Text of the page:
QUESTION:What’s the difference between natural and artificial flavorings, other than price? (Asked by another curious cook.)

REPLY: Many food labels have “natural flavoring” or “artificial flavoring,” and you can buy natural and artificial flavorings for cooking. What’s the difference? Well, a lengthy federal regulation (which I have summarized here) defines a natural flavor as an essence or extractive containing the flavoring constituents derived from spice, fruit, herb, bark, etc., whose significant function in food is flavoring rather than nutritional.

Anything else is artificial. Most natural and artificial flavors are the same chemical compounds, differing only in their source. Both are processed to ensure purity. Some taste alike, but in other cases there’s a noticeable difference to one’s taste. When a chemical (artificial flavoring) is used to mimic a food taste, flavor may be affected.

As an example of flavoring, let’s consider vanilla, commonly used in cooking and baking. You have pure vanilla extract, imitation vanilla extract, and vanilla flavoring. Pure (natural) extract comes from vanilla beans, which are expensive; thus, the price of pure extract is high, depending on the quality of the beans. The vanilla flavor from the beans is extracted in alcohol. Such pure vanilla extract will last indefinitely, aging like fine liquor.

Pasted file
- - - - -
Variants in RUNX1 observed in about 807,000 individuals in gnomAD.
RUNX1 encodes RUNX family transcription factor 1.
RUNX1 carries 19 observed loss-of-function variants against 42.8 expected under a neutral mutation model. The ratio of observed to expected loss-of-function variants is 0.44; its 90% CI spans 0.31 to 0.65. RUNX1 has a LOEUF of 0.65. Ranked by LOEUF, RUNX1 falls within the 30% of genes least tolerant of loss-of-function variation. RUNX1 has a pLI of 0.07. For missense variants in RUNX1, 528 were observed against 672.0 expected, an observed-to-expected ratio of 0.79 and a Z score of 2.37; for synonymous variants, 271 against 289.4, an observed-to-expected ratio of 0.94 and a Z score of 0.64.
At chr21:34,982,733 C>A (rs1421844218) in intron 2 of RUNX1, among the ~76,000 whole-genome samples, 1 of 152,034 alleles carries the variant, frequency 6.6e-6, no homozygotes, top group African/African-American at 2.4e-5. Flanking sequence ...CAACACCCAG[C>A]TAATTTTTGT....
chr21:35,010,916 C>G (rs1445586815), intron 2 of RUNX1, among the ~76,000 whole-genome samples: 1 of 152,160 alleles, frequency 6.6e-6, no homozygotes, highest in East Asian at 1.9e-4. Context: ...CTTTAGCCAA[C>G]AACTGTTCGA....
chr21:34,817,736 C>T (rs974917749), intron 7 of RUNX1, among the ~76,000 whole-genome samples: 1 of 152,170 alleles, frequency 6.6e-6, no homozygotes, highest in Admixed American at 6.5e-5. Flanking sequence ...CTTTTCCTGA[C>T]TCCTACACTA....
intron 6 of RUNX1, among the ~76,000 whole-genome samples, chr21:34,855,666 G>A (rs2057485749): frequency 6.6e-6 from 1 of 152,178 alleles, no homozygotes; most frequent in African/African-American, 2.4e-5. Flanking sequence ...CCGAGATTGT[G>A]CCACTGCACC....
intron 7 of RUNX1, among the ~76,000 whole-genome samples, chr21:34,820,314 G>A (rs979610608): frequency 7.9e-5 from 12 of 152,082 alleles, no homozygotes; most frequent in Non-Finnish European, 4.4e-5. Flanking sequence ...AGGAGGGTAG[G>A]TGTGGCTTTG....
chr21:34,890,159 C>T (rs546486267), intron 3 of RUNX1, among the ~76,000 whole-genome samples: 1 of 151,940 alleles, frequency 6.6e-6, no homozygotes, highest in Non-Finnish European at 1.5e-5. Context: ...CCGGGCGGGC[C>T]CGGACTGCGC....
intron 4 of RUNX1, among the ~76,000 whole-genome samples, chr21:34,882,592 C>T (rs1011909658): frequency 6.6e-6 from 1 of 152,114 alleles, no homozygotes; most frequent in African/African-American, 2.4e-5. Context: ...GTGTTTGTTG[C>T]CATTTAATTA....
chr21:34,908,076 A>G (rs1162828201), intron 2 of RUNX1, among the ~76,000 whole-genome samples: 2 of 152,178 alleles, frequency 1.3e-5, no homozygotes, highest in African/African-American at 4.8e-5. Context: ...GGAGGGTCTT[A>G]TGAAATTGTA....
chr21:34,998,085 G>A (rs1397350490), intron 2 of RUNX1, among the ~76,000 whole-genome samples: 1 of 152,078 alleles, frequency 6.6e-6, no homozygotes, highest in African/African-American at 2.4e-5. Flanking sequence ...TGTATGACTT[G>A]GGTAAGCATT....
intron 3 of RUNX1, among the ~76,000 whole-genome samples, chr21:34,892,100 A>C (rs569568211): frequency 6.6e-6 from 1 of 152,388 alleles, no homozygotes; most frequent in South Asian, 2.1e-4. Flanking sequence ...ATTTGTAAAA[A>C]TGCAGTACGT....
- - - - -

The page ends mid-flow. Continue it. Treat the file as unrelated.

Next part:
Imitation vanilla extracts are made from artificial flavorings, some of which come from wood byproducts. As a result of other chemicals, imitation vanilla products tend to have a harsher taste, and more of the imitation is needed to get the taste of the natural product.

Vanilla flavoring is usually a combination of imitation and pure vanilla extracts and is cheap in price and comparative in flavor.

C.P.S. (Curious Postscript):“The road to success is always under construction.” – Anonymous

Curious about something? Send your questions to Dr. Jerry D. Wilson, College of Science and Mathematics, Lander University, Greenwood, SC 29649, or e-mail Selected questions will appear in the Curiosity Corner. For Curiosity Corner background, go to